War Crime Tribunals: Their Impact in Bosnia and Sierra Leone

Wednesday, April 12, 2006
12:00pm
1512 International Affairs Building

Participants:

Lara J. Nettelfield (Columbia University)

Chandra Lekha Sriram (University of East London School of Law)

Ruti Teitel (New York Law School)

Moderator: Jack Snyder (Harriman Institute, Columbia University)

About the Participants:

Lara J. Nettelfield is a Ph.D. Candidate in the Department of Political Science at Columbia University. She was a Fulbright Hays and German Marshall Fund fellow in Bosnia-Herzegovina from 2003-5.

Jack Snyder is the Acting Director of the Harriman Institute and Robert and Renée Belfer Professor of International Relations in the political science department and Institute of War and Peace Studies at Columbia University. His books include Electing to Fight: Why Emerging Democracies Go to War (MIT Press, 2005); From Voting to Violence: Democratization and Nationalist Conflict (Norton Books, 2000)among others. His articles on such topics as democratization and war ("Prone to Violence: The Paradox of the Democratic Peace," The National Interest, winter 2005/2006), imperial overstretch, war crimes tribunals versus amnesties, international relations theory after September 11, and anarchy and culture have appeared in The American Political Science Review, Foreign Affairs, Foreign Policy, and others.

Chandra Lekha Sriram is Professor of Human Rights at the University of East London School of Law, and Director of the Centre on Human Rights in Conflict. She is co-editor, with Tom Biersteker, Peter Spiro, and Veronica Raffo, of International Law and International Relations: Bridging Theory and Practice, forthcoming from Routledge in 2006, and is author of Confronting Past Human Rights Violations: Justice vs. Peace in Times of Transition (London: Frank Cass, 2004) and Globalizing Justice for Mass Atrocities: A Revolution in Accountability (London: Routledge, 2005). She is currently researching a book, tentatively entitled Peace as governance? which critically examines the use of power sharing and territorial autonomy as incentives for armed groups in peace negotiations, to be published by Palgrave.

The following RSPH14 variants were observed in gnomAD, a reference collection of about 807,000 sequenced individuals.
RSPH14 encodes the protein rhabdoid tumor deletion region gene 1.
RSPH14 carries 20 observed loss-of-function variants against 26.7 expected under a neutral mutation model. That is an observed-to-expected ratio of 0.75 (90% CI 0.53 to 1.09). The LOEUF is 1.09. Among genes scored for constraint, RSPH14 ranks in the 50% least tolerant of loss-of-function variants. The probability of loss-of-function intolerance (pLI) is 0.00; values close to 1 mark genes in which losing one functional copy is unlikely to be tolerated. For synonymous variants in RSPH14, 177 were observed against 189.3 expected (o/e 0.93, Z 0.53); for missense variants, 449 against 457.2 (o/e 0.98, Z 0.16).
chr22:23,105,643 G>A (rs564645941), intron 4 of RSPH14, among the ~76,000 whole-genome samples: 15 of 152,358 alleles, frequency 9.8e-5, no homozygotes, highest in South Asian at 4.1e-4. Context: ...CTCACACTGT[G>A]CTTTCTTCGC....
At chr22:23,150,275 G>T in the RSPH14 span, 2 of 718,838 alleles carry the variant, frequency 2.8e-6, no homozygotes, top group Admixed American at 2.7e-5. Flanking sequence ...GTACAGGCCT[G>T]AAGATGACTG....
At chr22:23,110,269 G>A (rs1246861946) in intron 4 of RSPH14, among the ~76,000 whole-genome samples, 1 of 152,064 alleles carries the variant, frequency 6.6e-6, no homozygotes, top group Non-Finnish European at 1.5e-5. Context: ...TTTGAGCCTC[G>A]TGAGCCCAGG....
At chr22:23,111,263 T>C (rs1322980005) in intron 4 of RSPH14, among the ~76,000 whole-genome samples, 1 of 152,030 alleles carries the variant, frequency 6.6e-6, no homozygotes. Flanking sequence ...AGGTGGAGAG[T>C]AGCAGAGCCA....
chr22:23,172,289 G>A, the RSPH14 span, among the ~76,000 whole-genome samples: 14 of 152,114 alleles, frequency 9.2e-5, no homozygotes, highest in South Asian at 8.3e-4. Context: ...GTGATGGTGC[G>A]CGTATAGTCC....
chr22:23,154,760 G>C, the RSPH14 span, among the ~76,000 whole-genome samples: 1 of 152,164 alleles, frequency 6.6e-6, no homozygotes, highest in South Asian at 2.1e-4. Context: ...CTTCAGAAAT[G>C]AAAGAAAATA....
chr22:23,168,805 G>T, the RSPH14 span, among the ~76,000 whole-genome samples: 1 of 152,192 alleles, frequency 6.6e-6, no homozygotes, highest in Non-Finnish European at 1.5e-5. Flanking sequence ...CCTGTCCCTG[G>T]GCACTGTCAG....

Ruti Teitel is the Ernst C. Stiefel Professor of Comparative Law at New York Law School, where she teaches international human rights, comparative and U.S. constitutional law. Professor Teitel's critically acclaimed book, Transitional Justice (2000), discusses the dilemmas of transformation in the 20th century transitions to democracy. Her extensive body of scholarly writing on comparative law, human rights, and constitutionalism encompasses articles published in some of the country's most prestigious legal journals, including the Yale Law Journal and the Harvard Law Review. She has contributed dozens of chapters to scholarly books in the areas of constitutional and human rights law. She also writes on human rights issues for a broader audience, having published in The New York Times, Legal Affairs, and Findlaw.com. She received her J.D. from Cornell Law School and was a Senior Fellow at the Orville H. Schell, Jr. Center for International Human Rights at Yale Law School. She is a member of the Council on Foreign Relations. She is also a member of the Steering Committee of Human Rights Watch Europe/Central Asia.